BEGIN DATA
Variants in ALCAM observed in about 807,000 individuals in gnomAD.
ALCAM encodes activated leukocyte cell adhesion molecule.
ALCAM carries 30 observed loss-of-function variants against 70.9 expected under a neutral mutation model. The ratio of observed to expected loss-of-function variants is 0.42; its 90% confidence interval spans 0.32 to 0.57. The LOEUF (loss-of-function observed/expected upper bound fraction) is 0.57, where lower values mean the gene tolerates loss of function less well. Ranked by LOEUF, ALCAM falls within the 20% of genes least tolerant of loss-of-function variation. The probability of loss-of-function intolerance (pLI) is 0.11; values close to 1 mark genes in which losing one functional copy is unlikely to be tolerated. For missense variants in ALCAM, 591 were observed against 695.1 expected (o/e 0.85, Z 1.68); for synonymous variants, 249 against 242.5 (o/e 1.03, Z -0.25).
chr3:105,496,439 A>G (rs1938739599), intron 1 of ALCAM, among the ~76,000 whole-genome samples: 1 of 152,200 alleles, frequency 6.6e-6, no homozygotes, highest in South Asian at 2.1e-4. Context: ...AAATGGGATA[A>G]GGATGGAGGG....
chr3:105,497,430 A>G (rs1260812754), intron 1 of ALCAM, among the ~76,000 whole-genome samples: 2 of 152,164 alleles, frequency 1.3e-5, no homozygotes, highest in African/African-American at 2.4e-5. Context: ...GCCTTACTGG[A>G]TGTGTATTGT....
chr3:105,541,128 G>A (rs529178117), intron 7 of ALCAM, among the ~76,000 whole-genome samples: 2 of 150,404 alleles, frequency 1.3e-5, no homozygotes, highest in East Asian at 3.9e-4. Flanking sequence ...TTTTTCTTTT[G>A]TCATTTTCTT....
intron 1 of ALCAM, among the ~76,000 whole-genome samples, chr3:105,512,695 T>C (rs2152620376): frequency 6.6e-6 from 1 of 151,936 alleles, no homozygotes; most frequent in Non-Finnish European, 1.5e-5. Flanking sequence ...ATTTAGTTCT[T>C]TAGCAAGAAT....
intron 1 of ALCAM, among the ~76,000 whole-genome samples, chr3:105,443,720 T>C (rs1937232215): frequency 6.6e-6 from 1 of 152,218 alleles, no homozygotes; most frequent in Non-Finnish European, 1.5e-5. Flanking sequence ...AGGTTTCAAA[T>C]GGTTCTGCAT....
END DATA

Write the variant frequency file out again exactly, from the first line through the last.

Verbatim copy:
Variants in ALCAM observed in about 807,000 individuals in gnomAD.
ALCAM encodes activated leukocyte cell adhesion molecule.
ALCAM carries 30 observed loss-of-function variants against 70.9 expected under a neutral mutation model. The ratio of observed to expected loss-of-function variants is 0.42; its 90% confidence interval spans 0.32 to 0.57. The LOEUF (loss-of-function observed/expected upper bound fraction) is 0.57, where lower values mean the gene tolerates loss of function less well. Ranked by LOEUF, ALCAM falls within the 20% of genes least tolerant of loss-of-function variation. The probability of loss-of-function intolerance (pLI) is 0.11; values close to 1 mark genes in which losing one functional copy is unlikely to be tolerated. For missense variants in ALCAM, 591 were observed against 695.1 expected (o/e 0.85, Z 1.68); for synonymous variants, 249 against 242.5 (o/e 1.03, Z -0.25).
chr3:105,496,439 A>G (rs1938739599), intron 1 of ALCAM, among the ~76,000 whole-genome samples: 1 of 152,200 alleles, frequency 6.6e-6, no homozygotes, highest in South Asian at 2.1e-4. Context: ...AAATGGGATA[A>G]GGATGGAGGG....
chr3:105,497,430 A>G (rs1260812754), intron 1 of ALCAM, among the ~76,000 whole-genome samples: 2 of 152,164 alleles, frequency 1.3e-5, no homozygotes, highest in African/African-American at 2.4e-5. Context: ...GCCTTACTGG[A>G]TGTGTATTGT....
chr3:105,541,128 G>A (rs529178117), intron 7 of ALCAM, among the ~76,000 whole-genome samples: 2 of 150,404 alleles, frequency 1.3e-5, no homozygotes, highest in East Asian at 3.9e-4. Flanking sequence ...TTTTTCTTTT[G>A]TCATTTTCTT....
intron 1 of ALCAM, among the ~76,000 whole-genome samples, chr3:105,512,695 T>C (rs2152620376): frequency 6.6e-6 from 1 of 151,936 alleles, no homozygotes; most frequent in Non-Finnish European, 1.5e-5. Flanking sequence ...ATTTAGTTCT[T>C]TAGCAAGAAT....
intron 1 of ALCAM, among the ~76,000 whole-genome samples, chr3:105,443,720 T>C (rs1937232215): frequency 6.6e-6 from 1 of 152,218 alleles, no homozygotes; most frequent in Non-Finnish European, 1.5e-5. Flanking sequence ...AGGTTTCAAA[T>C]GGTTCTGCAT....